SOURCE: San Francisco Ghronicle
Keay Davidson, Chronicle Science Writer
Thursday, August 26, 2004
Earth-like orb spins too close to its star to be habitable
What might be the first known "Earth-like" planet orbiting a star like our own sun has been reported by European astronomers.
The discovery, if verified by further observations, unveils "a new class of planets" and points to a fresh stage of astronomical research, one that is profoundly relevant to the quest for extraterrestrial life, said Alan Boss of Carnegie Institution in Washington, D.C.
That stage is one about which science-fiction buffs have long dreamed: the detection of faraway planets that, like Earth, are relatively small, rocky bodies where plants and creatures might evolve.
"It looks to me like the first discovery of an extrasolar terrestrial- type planet!!" said an excited e-mail message to The Chronicle from Boss, who was not involved in the discovery but is one of the world's leading authorities on planetary formation. An extrasolar planet orbits a star other than our sun.
The planet is too small to be seen directly. The discovery, made by Nuno C. Santos of Portugal and 15 colleagues from France, Switzerland and Chile, was hastened by the development of a sophisticated new telescope that detects slight shifts in the star's motions as it is nudged back and forth by the tiny planet's gravitational pull.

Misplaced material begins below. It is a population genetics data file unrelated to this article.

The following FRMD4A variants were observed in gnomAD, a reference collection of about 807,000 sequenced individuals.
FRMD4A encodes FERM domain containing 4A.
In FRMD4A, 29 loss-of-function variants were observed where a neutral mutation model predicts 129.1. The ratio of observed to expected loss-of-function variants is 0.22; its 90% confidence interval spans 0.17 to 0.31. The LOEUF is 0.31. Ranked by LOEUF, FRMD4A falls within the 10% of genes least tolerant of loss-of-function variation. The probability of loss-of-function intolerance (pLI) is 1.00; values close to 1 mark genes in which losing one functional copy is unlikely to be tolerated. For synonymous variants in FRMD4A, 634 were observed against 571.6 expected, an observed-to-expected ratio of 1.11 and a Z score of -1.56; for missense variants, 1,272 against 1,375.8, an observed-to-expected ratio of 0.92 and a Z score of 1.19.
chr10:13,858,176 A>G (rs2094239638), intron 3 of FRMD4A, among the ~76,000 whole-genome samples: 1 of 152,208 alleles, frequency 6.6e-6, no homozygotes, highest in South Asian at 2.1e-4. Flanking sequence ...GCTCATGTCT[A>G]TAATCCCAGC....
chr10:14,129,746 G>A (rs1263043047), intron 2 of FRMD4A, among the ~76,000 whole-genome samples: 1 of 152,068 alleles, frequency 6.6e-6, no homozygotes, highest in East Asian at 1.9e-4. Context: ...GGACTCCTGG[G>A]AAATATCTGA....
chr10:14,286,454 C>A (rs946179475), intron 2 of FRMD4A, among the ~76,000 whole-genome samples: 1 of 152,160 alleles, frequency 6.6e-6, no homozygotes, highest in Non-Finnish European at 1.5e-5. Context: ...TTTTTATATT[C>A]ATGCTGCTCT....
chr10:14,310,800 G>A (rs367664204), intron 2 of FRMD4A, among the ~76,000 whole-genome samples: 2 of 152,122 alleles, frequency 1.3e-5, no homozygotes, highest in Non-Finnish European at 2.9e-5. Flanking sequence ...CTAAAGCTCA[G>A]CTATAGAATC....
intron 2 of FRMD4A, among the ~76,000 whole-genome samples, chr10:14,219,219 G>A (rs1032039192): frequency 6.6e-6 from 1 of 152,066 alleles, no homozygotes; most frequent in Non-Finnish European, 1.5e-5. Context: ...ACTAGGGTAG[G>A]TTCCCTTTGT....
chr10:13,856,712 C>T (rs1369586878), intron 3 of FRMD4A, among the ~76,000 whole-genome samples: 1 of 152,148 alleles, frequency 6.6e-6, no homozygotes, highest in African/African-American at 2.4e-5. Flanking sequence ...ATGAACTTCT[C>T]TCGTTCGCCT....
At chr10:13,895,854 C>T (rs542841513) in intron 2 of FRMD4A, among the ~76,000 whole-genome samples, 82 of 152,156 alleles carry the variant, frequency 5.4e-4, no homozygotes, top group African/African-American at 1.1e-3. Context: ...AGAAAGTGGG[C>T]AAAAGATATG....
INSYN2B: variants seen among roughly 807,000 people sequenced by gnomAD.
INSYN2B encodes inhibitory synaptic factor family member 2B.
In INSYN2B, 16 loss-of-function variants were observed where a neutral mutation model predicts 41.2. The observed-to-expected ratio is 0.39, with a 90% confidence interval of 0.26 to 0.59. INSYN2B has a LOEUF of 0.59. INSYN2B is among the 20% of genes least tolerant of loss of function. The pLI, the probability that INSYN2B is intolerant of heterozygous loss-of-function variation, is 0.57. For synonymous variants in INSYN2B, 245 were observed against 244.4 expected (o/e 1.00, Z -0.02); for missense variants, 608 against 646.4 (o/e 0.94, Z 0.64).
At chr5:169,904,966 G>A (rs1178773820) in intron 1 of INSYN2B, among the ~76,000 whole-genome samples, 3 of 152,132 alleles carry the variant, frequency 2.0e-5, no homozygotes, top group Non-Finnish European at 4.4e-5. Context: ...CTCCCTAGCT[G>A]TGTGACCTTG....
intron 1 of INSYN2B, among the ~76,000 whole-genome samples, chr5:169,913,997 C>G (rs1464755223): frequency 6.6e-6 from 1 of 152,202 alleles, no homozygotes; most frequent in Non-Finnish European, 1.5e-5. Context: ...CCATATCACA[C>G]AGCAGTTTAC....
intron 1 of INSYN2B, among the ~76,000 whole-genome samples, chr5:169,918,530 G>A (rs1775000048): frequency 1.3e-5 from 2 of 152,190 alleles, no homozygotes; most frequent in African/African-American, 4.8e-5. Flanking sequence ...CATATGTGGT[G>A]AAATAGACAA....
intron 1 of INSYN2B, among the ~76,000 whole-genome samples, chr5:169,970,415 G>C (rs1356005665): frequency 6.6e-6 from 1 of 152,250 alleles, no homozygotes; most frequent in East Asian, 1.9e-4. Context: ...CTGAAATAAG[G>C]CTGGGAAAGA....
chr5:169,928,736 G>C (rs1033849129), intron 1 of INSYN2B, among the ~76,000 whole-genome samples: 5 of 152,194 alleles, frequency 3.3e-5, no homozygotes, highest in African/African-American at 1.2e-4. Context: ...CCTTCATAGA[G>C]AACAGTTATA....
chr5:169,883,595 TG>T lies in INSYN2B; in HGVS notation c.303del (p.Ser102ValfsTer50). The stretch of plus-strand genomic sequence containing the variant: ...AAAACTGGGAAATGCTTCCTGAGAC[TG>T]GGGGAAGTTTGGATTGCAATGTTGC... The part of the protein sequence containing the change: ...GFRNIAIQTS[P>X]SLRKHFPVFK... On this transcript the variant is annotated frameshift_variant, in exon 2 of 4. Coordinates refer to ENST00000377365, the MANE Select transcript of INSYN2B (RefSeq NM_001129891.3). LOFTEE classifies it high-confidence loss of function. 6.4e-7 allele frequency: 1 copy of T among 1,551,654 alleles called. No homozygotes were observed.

Their find is suspected of being a rocky body that, like Earth, has an iron core. Although perhaps up to 14 times as massive as Earth, it is by far the smallest known planet yet seen that orbits a yellow, "G"-type star similar to our sun.
Another leading expert, Timothy Brown of the National Center for Atmospheric Research in Boulder, Colo., called Wednesday's news "really exciting. The people that do this (research) are among the best anywhere. ... The evidence (for a rocky planet) looks persuasive."
Inevitably, laypeople ask astronomers whether new extrasolar planets supply evidence for the possibility of alien life, Brown noted with a chuckle. Astronomers have long assumed that life, if it exists elsewhere, almost certainly evolved on a rocky surface like Earth's.
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